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3.3.2. Chromosomal theory of heredity

Chromosomal theory of heredity. Linked genes

In 1902, Sutton and Boveri, in the United States and Germany respectively, saw that there was a relationship between the inheritance of hereditary factors and the behavior of chromosomes during meiosis. They deduced that Mendel's "hereditary factors", genes, were located on chromosomes.

Later, in 1933, the American geneticist TH Morgan demonstrated this with his experiments with the fruit or vinegar fly (Drosophila melanogaster), which earned him the Nobel Prize in Physiology and Medicine.

Morgan found that fruit flies had three pairs of homologous or autosomal chromosomes and another pair of chromosomes that were different according to sex. The females had these two identical chromosomes (XX) and the males had them different (XY), which he called heterochromosomes or sex chromosomes.

When crossing individuals of Drosophila, he discovered that there were four groups of characters that, in most cases, were transmitted together. That is, if one of them appeared, so did the rest of the group. Realizing that there were the same number of genes that were inherited together, as the number of chromosomes in the fly, also four, he called them linked genes.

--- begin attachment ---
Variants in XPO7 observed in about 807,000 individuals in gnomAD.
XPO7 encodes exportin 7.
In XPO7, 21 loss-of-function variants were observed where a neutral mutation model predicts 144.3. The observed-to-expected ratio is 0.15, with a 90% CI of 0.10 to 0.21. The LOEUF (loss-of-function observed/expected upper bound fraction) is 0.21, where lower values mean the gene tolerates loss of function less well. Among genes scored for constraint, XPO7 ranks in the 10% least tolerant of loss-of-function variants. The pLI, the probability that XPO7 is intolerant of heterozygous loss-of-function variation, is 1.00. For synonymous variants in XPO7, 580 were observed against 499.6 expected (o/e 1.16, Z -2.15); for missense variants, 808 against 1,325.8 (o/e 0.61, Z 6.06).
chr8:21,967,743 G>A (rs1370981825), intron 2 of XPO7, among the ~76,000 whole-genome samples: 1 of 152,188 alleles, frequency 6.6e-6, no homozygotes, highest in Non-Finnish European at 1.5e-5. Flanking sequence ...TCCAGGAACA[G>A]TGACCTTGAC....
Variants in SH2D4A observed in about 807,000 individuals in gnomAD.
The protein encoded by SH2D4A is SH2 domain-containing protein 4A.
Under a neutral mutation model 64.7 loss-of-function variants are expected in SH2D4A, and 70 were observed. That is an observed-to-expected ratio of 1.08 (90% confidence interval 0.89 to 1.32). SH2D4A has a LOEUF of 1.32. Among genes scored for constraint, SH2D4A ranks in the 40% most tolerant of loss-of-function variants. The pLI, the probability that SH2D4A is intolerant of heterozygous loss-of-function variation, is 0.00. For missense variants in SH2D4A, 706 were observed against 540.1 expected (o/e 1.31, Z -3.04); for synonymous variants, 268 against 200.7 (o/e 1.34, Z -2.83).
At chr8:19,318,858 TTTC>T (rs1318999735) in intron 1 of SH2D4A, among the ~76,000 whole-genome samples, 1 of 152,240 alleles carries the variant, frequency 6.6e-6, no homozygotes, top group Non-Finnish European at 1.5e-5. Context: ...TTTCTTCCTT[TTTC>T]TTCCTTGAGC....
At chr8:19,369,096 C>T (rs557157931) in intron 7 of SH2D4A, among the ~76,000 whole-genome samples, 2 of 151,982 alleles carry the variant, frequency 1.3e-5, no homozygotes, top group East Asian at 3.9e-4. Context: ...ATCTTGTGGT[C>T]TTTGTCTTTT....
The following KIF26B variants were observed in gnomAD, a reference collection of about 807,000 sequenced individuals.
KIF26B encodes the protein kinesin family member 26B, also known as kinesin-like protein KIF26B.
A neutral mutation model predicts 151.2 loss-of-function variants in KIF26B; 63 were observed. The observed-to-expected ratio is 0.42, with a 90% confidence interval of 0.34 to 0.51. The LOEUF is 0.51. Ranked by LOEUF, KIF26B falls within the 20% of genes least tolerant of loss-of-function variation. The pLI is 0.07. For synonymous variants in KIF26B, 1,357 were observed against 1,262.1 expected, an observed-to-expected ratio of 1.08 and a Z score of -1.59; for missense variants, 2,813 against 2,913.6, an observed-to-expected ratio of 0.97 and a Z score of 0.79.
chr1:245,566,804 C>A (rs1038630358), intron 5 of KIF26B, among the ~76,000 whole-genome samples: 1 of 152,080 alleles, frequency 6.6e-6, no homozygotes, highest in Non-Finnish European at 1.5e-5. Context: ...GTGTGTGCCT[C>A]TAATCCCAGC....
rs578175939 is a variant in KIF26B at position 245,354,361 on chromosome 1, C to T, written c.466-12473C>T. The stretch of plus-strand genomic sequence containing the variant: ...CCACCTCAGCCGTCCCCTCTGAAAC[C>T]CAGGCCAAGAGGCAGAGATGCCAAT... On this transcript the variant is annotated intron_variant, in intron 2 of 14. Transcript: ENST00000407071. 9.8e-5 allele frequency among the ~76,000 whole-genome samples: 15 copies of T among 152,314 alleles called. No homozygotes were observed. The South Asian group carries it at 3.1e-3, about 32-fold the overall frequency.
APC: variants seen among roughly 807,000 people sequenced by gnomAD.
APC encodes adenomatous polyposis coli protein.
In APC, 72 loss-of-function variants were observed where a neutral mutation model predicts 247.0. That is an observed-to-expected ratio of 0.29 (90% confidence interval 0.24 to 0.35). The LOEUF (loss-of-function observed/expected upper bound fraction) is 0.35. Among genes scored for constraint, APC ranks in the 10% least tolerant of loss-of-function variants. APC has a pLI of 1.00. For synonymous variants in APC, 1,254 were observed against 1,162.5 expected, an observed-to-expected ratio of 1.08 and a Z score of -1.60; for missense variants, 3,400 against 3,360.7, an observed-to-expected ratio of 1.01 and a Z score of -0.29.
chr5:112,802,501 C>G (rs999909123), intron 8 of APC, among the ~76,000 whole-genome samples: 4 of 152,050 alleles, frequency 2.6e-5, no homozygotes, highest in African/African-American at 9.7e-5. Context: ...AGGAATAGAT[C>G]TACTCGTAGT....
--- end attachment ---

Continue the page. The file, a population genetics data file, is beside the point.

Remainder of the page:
Morgan also discovered that genes are arranged in a linear fashion on chromosomes, always located in the same places on the chromosome called loci (singular locus).

Another contribution of Morgan was the discovery that, sometimes, linked genes are transmitted independently. This is due to the genetic recombination or swapping of chromosome fragments that occurs during meiosis.

With the results of his research, Morgan formulated the so-called chromosomal theory of inheritance, which is summarized in the following postulates: 

  • The hereditary factors (genes) that determine the characters are located in the chromosomes, being arranged in a linear way along the chromosomes. 
  • Each gene occupies a specific place or locus (plural "loci") within a specific chromosome 
  • In diploid organisms, homologous chromosomes contain alleles (or "antagonistic factors") for the same inherited traits located at the same loci, so each trait is governed by a pair of allele genes.
  • Genes located on the same chromosome are linked to each other and are passed on together (except in a small proportion of occasions when they are recombinantly separated during meiosis that gives rise to gametes).


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